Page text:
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December 23, 1983

Aesthetic and Reconstructive Breast Surgery

Author Affiliations

University of Chicago

JAMA. 1983;250(24):3342-3343. doi:10.1001/jama.1983.03340240068040

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The subject is comprehensively treated in an appropriately aesthetic binding and format. In the first part, after introductory sections on philosophy and anatomy, the techniques and results of mammary augmentation, reduction, and revision are photographically illustrated with the aid of clear drawings. The second main topic is reconstruction, also fully illustrated and supplied with technical details of the most commonly used and most recent procedures. The anatomy of musculocutaneous flaps is carefully laid out. The presentation is lavish, using wide spacing for both text and illustrations and reprinting colored pictures so that the reader will not have to turn to another page.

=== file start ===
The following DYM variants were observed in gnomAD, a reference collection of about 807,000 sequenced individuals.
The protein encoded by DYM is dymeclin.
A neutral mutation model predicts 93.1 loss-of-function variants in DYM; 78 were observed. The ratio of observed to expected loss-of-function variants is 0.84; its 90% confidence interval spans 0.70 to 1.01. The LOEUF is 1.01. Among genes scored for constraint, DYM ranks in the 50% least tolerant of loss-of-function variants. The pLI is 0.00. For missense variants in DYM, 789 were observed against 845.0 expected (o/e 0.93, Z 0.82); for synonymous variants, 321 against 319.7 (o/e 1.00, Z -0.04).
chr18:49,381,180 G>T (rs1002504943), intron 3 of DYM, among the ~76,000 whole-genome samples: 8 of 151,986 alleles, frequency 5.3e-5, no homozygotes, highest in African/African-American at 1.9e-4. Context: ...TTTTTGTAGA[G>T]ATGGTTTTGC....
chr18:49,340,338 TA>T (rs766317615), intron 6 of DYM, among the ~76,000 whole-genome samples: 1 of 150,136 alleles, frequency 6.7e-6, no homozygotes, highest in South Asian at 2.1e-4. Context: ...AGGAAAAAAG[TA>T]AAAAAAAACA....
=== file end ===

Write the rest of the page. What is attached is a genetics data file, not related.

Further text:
Cosmetic surgery can offer an aesthetically pleasing bust to women who may be deprived by nature or disease, but the task is complex. In addition to the uncertainties of individual judgment as to what is pleasing, the choices among variations of technique cannot be based on scientific evidence